|RT | Jan 19, 2018|
|© Larry Downing / Reuters|
A freedom of information request to the chief City watchdog revealed just how little was done to stop white collar criminals in their tracks. In the past five years, the Financial Conduct Authority (FCA) has prosecuted just eight cases of insider trading, resulting in a mere 12 convictions. In comparison, more than 10,000 people were prosecuted or penalized for welfare fraud in 2016 alone.
In 2017, the equivalent of 63 full-time staff at the watchdog worked on insider trading investigations. At the welfare department, nearly 4,000 staff investigated those fiddling their benefits.
In an analysis conducted by the Times into share price patterns, fluctuations were found to be suspiciously large in many cases.
“For example, the day before Provident Financial, a FTSE 100 lender, announced a profit warning last year, its share price slumped by almost 6 per cent, wiping £170 million from the value of the company,” the newspaper said in its investigation.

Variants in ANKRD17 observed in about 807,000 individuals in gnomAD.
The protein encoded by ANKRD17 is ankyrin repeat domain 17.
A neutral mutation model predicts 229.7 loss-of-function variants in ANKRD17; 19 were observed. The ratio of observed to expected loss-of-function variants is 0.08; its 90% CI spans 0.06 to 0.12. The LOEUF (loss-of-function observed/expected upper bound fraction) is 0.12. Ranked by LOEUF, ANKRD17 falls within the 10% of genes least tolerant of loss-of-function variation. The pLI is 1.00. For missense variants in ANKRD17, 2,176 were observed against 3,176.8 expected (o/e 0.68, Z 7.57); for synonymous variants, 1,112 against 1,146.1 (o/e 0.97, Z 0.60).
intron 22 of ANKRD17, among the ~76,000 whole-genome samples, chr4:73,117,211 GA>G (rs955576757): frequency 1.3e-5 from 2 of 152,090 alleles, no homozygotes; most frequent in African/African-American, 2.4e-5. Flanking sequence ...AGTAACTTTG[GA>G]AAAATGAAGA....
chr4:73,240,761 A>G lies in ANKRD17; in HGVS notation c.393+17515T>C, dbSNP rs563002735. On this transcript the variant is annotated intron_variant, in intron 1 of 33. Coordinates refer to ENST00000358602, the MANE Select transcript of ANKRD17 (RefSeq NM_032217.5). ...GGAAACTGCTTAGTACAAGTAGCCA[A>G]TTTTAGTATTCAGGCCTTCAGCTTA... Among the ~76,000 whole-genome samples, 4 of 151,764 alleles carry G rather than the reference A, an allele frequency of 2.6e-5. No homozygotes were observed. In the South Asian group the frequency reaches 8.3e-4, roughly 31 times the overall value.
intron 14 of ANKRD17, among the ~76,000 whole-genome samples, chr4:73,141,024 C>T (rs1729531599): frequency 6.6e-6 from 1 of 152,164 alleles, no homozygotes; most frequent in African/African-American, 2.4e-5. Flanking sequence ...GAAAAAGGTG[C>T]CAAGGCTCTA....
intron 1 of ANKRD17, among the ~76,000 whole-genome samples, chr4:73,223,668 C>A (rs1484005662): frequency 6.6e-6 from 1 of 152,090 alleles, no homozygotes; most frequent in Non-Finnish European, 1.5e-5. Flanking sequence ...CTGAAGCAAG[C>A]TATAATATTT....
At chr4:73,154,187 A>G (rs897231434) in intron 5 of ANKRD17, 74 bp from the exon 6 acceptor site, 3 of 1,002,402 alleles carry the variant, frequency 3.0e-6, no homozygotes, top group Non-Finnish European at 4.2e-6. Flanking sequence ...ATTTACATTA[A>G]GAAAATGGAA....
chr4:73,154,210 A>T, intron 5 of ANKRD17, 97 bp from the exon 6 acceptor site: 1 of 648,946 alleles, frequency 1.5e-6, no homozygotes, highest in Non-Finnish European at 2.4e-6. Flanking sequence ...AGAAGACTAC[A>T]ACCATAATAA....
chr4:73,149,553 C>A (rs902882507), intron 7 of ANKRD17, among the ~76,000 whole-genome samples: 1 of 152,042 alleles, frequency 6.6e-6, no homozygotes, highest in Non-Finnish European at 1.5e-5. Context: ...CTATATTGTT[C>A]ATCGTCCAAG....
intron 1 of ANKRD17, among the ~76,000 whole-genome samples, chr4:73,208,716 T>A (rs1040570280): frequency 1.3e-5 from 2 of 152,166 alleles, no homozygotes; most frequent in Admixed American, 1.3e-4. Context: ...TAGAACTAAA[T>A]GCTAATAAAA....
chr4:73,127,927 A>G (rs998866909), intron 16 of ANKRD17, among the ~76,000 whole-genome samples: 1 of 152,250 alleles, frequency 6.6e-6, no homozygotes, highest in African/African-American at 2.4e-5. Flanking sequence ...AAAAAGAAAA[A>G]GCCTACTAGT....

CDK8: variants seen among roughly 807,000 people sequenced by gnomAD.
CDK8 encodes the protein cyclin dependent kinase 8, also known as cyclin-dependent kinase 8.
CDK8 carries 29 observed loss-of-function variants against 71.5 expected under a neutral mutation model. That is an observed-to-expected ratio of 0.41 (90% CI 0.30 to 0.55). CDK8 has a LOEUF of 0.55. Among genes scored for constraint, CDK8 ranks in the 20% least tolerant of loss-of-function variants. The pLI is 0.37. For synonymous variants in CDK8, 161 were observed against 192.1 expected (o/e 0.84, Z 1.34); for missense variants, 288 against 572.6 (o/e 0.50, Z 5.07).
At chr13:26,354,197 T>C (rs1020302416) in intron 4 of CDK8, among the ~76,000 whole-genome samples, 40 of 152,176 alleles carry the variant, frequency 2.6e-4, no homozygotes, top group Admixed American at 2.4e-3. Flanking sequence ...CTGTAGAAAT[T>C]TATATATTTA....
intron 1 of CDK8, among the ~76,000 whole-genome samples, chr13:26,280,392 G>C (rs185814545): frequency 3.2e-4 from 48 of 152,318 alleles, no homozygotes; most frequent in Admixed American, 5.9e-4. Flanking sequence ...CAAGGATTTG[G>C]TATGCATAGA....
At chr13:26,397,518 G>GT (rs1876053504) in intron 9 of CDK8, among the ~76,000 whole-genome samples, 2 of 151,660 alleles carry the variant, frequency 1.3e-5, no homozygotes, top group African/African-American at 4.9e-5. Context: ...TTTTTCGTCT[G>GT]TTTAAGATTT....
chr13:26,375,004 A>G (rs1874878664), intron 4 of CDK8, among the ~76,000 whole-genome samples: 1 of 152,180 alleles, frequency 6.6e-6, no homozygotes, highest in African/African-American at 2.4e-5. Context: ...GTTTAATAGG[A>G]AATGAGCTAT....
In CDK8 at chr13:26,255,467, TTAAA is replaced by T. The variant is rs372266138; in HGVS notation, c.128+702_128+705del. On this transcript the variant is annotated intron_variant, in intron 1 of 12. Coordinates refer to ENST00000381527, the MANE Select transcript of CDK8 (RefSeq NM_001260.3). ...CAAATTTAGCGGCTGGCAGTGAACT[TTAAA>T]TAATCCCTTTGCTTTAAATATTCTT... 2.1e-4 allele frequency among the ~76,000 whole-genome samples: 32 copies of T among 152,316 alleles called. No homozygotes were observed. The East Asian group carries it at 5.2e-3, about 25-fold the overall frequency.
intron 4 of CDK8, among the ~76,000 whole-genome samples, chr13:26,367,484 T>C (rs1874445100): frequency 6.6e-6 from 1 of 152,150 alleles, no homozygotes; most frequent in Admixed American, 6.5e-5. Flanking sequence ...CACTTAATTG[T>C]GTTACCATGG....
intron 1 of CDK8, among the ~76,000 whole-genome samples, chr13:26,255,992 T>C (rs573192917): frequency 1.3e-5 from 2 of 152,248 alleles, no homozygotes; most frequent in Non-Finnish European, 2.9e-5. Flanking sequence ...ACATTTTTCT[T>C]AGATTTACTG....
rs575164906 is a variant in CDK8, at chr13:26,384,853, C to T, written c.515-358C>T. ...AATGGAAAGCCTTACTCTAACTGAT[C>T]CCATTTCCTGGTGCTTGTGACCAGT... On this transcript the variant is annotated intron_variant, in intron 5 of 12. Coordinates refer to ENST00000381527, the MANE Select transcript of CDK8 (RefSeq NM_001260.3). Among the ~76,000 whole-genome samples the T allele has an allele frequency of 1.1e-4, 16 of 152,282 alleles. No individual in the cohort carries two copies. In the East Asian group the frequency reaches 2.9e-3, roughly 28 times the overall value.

“The following day, when the warning was officially issued, the share price collapsed by a further 67 percent, saving tens of millions of pounds for the investors who had sold the previous day.
“Private investors with no access to inside information will have seen their holdings almost wiped out.”
Provident Financial’s share price had been in decline by about 0.6 per cent a day since an earlier profit warning. There was speculation that another profit warning was on the way, but the day before it was announced share prices dropped dramatically – almost ten times more than the daily average fall over the preceding two months.
The Times did admit that there is no direct evidence that any information was leaked in relation to the drop in trading. The movement in share price could have been caused by other, legitimate information.
“Given the scale of regulation nowadays these figures are really surprising and suggest insider dealing is still a major problem,” Research director at the investment broker Hargreaves Lansdown Mark Dampier said.
“Thirty years ago it was almost seen as a perk of the job but times have changed as understanding has grown about how it damages confidence in the markets.
“Getting the evidence to launch a prosecution is not easy but you have to wonder whether the regulator has been distracted since the financial crisis.”